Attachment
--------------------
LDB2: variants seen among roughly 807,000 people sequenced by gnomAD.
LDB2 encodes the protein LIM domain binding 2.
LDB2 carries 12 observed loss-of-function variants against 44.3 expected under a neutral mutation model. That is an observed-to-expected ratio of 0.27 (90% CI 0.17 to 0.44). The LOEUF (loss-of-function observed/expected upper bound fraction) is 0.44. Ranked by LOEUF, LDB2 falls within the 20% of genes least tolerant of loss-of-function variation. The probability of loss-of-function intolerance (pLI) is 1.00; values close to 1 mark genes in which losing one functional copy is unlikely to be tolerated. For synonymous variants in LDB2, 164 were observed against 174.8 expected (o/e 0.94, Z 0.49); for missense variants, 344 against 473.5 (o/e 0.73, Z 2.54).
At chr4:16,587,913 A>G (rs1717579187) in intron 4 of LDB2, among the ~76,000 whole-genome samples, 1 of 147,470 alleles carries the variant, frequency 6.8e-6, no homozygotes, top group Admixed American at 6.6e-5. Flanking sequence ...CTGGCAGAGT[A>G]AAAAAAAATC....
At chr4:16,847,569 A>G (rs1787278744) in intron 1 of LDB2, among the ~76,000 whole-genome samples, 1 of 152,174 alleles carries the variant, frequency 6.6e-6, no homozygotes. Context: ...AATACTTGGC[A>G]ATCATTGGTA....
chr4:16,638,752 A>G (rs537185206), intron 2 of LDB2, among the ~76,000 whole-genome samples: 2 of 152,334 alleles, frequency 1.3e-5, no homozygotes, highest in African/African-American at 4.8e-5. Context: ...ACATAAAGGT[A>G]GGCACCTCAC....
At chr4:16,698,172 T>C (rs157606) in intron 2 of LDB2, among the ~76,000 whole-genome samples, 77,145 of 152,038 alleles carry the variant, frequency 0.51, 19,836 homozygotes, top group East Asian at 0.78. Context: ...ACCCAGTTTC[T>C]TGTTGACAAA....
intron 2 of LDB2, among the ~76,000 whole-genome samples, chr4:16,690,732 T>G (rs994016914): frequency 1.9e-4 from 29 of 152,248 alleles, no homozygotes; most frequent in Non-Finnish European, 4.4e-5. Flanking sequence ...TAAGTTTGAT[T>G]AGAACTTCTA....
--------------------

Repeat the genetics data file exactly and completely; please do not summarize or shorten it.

LDB2: variants seen among roughly 807,000 people sequenced by gnomAD.
LDB2 encodes the protein LIM domain binding 2.
LDB2 carries 12 observed loss-of-function variants against 44.3 expected under a neutral mutation model. That is an observed-to-expected ratio of 0.27 (90% CI 0.17 to 0.44). The LOEUF (loss-of-function observed/expected upper bound fraction) is 0.44. Ranked by LOEUF, LDB2 falls within the 20% of genes least tolerant of loss-of-function variation. The probability of loss-of-function intolerance (pLI) is 1.00; values close to 1 mark genes in which losing one functional copy is unlikely to be tolerated. For synonymous variants in LDB2, 164 were observed against 174.8 expected (o/e 0.94, Z 0.49); for missense variants, 344 against 473.5 (o/e 0.73, Z 2.54).
At chr4:16,587,913 A>G (rs1717579187) in intron 4 of LDB2, among the ~76,000 whole-genome samples, 1 of 147,470 alleles carries the variant, frequency 6.8e-6, no homozygotes, top group Admixed American at 6.6e-5. Flanking sequence ...CTGGCAGAGT[A>G]AAAAAAAATC....
At chr4:16,847,569 A>G (rs1787278744) in intron 1 of LDB2, among the ~76,000 whole-genome samples, 1 of 152,174 alleles carries the variant, frequency 6.6e-6, no homozygotes. Context: ...AATACTTGGC[A>G]ATCATTGGTA....
chr4:16,638,752 A>G (rs537185206), intron 2 of LDB2, among the ~76,000 whole-genome samples: 2 of 152,334 alleles, frequency 1.3e-5, no homozygotes, highest in African/African-American at 4.8e-5. Context: ...ACATAAAGGT[A>G]GGCACCTCAC....
At chr4:16,698,172 T>C (rs157606) in intron 2 of LDB2, among the ~76,000 whole-genome samples, 77,145 of 152,038 alleles carry the variant, frequency 0.51, 19,836 homozygotes, top group East Asian at 0.78. Context: ...ACCCAGTTTC[T>C]TGTTGACAAA....
intron 2 of LDB2, among the ~76,000 whole-genome samples, chr4:16,690,732 T>G (rs994016914): frequency 1.9e-4 from 29 of 152,248 alleles, no homozygotes; most frequent in Non-Finnish European, 4.4e-5. Flanking sequence ...TAAGTTTGAT[T>G]AGAACTTCTA....